Ready to Move On? Here's How to Write the Perfect Resignation Letter!

Jul 2, 2022by Eduyush Team

Letting go of a job can be challenging, both emotionally and logistically. Writing a professional resignation letter is essential if you're ready to take the next step in your career.

Leaving an employer on good terms is critical for maintaining relationships, references and networking opportunities that may come up down the road. Understanding how to write an effective resignation letter will be helpful in hopes of making a smooth transition into your next venture!

In this blog post, we'll discuss all the components that make up a perfect resignation letter so you can confidently move forward with enthusiasm and grace.

How to write resignation letter

When quitting a job, sending a professional resignation letter to your employer is essential. A resignation letter sets the tone for your departure and can help ease the transition for your soon-to-be former employer. It's also important to keep in mind that a resignation letter is generally your last chance to leave on good terms with your former employer, so be sure not to burn any bridges

What do you put in a resignation letter?

First, state the date of your last day of work in the letter. Next, give a brief explanation of why you are leaving the company. Remember that this is not the time or place to air grievances about your job or boss. Finally, thank your employer for the opportunity they gave you and say goodbye. If possible, leave on good terms with your former employer – they may be a reference or networking contact down the road.

What is a great simple outline for a resignation letter?

A resignation letter should be a formal document stating your intent to leave your current position. A great resignation letter should be 

  • concise and to the point, including the date of your last day of work 
  • and a brief explanation of your decision to leave
  • gratitude for the opportunity to work at the company. 
  • Offer help during the transition period.
  • Finally, your resignation letter should be cordial and professional.

What is a good subject line for an email resignation?

While the specifics of your email resignation will be unique to your situation, a few big-picture tips can help you write a compelling subject line.

First, remember that the subject line is essentially your lead - it's what lures recipients into reading the rest of your message. So make it enjoyable and attention-grabbing without being overdramatic or misleading. To that end, avoid vagueness (e.g., "I'm resigning!") or curtness (e.g., "Resignation"). Both extremes will likely do more harm than good.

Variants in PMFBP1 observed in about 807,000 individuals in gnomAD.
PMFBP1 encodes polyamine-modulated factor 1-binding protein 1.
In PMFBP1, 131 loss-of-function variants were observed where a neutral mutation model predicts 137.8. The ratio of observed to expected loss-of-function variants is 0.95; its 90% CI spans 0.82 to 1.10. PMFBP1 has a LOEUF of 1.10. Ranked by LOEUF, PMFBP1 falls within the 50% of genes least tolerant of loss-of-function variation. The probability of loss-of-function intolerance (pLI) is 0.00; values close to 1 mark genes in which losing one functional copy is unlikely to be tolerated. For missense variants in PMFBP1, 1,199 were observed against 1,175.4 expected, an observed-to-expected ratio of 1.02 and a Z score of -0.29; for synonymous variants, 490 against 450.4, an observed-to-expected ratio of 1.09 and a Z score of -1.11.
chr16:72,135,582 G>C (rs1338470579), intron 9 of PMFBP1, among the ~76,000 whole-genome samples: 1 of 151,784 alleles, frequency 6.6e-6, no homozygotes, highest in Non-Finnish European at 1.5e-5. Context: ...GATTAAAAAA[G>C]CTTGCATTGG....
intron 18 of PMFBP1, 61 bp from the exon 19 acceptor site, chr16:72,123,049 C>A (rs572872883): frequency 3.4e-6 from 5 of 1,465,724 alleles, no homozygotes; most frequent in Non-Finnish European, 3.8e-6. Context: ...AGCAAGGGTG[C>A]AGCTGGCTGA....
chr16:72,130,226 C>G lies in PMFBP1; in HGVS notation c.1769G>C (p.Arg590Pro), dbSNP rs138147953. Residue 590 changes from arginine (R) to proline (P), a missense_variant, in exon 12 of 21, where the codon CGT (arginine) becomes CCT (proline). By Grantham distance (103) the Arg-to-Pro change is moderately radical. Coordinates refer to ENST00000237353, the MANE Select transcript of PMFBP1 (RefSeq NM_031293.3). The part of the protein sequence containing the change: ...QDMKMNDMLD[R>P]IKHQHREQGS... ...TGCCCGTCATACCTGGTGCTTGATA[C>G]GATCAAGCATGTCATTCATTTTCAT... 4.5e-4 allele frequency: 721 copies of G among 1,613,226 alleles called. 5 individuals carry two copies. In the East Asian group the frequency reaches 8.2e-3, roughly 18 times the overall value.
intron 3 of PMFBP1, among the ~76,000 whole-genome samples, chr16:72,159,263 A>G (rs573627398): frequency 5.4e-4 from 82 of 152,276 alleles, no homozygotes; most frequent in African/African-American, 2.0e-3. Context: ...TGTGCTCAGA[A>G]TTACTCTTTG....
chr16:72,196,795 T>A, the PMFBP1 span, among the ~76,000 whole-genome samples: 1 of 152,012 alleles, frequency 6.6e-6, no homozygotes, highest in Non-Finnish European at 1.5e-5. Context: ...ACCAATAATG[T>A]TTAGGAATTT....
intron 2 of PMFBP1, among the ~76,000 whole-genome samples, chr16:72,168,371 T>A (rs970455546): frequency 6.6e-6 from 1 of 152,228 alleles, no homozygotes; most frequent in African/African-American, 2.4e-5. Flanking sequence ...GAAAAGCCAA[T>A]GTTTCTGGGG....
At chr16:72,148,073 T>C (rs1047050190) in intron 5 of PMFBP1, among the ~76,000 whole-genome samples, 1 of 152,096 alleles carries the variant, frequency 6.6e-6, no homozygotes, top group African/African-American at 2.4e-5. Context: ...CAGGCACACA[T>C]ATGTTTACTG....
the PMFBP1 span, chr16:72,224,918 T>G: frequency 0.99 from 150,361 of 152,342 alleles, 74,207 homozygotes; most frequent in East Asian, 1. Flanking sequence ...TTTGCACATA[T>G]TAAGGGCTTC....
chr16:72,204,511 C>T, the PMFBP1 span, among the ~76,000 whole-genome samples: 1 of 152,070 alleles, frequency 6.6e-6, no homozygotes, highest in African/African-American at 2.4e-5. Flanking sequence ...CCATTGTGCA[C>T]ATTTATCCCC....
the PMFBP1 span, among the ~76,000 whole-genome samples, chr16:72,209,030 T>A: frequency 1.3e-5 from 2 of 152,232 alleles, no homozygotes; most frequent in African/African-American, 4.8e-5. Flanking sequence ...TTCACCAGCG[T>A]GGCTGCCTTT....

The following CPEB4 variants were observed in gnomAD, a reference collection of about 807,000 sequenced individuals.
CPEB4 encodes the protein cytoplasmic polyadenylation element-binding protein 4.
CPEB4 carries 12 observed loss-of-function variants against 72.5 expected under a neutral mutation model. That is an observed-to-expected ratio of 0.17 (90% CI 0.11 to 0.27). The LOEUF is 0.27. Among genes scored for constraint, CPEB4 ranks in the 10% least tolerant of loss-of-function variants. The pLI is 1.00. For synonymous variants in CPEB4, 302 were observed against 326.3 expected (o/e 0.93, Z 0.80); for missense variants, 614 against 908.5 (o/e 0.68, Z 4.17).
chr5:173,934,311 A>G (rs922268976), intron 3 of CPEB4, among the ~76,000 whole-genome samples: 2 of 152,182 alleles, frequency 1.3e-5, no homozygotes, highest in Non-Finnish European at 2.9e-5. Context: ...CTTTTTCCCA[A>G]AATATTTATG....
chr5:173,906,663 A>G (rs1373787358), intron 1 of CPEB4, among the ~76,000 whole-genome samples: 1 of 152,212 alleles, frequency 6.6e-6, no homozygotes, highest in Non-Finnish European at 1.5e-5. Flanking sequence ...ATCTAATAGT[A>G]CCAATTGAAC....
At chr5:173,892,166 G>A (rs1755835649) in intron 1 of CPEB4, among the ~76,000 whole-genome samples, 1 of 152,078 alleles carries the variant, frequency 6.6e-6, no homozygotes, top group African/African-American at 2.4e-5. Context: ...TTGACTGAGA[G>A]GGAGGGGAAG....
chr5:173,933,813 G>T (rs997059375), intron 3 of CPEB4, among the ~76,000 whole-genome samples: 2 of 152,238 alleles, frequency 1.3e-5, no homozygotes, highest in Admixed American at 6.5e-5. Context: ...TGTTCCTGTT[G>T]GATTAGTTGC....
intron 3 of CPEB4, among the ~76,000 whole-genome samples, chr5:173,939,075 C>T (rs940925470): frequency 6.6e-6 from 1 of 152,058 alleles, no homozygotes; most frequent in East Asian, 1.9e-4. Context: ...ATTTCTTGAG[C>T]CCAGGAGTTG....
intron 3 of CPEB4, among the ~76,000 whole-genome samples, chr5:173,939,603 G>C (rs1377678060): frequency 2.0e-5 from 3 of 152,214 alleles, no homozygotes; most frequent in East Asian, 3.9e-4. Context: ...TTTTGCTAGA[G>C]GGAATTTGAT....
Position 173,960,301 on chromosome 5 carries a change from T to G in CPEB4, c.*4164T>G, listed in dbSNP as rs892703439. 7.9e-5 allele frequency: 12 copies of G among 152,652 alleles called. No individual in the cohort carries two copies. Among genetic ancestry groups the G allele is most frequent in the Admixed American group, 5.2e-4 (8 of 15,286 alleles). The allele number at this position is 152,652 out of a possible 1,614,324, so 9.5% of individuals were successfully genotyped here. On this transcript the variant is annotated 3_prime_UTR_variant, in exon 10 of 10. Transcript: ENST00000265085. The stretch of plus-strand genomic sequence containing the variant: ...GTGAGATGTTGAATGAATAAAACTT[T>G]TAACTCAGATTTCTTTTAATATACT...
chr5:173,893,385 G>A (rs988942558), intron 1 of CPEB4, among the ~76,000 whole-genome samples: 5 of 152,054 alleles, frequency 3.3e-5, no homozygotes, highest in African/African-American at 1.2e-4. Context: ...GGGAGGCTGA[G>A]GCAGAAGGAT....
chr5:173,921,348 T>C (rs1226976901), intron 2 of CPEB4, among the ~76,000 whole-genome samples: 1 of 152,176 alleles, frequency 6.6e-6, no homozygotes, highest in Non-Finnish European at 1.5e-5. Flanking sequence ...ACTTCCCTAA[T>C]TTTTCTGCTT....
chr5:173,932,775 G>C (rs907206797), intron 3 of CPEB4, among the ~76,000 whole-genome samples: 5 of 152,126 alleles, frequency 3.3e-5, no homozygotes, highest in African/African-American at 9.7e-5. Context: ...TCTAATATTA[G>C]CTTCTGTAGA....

Second, keep it short and sweet - no one wants to read a novel in their inbox.

What should you not add in a resignation letter?

There are a few things you should avoid adding to your resignation letter. For example, don't include negative comments about your boss or the company. Don't include anything that would make it difficult for your boss to find a replacement for you. And finally, don't give excessive notice (unless you're required to do so by contract).

Generally speaking, it's best to keep your resignation letter short. Focus on the positive aspects of your decision to leave and express gratitude for the opportunities you've been given. Thank your boss for the chance to work in the company, and wish them all the best in the future.

Do you give a resignation letter to HR or a manager?

It is best to submit a resignation letter to your manager, as they will be the person responsible for forwarding it along to HR

Your manager will likely need some time to process and announce your departure, so it's best to give them as much notice as possible. Thank them for their time and provide any assistance they may need during the transition period. Resigning in person is always the best option, but if you cannot do so, sending a resignation letter through the mail or via email is the next best thing. Remember to be concise and state the date of your last work day. And if you have any grievances, this is not the place to air them.

What should I do if my boss does not accept my resignation?

If your boss refuses to accept your resignation, you may have little choice but to stay put and continue working for them however, if you're confident that you've handed in your notice correctly and per company policy, you can always speak to HR about the situation. It's possible that your boss is simply trying to stall for time to find a replacement for you, or they may be hoping that you'll change your mind – either way, it's best to be clear and firm about your decision to leave. 

What is a good resignation email sample?

Hello {Manager name},

I am writing to let you know that I have resigned from my position at [XYZ company]. It has been an amazing experience working with such a talented and dedicated team, but I have decided that it is time for me to move on to a new adventure. 

Thank you all for your support and guidance over the past few years. I have learned so much from each of you, and I am truly grateful for the opportunities I have had here. 

I will be leaving on [date], and please do not hesitate to contact me if you need any help during the transition period. Thank you again, and best of luck in all your future endeavours.

Sincerely,[Your Name]

Read our blog for more detailed resignation letter formats.

How do I write a resignation letter asking for an early release?

Dear [Employer],

I am writing to request an early release from my current position. I have enjoyed my time at [Company Name] and appreciate all you have done for me, but I feel it is time for me to move on to new challenges. If needed, I would be happy to provide more details about my reasons for wanting an early release.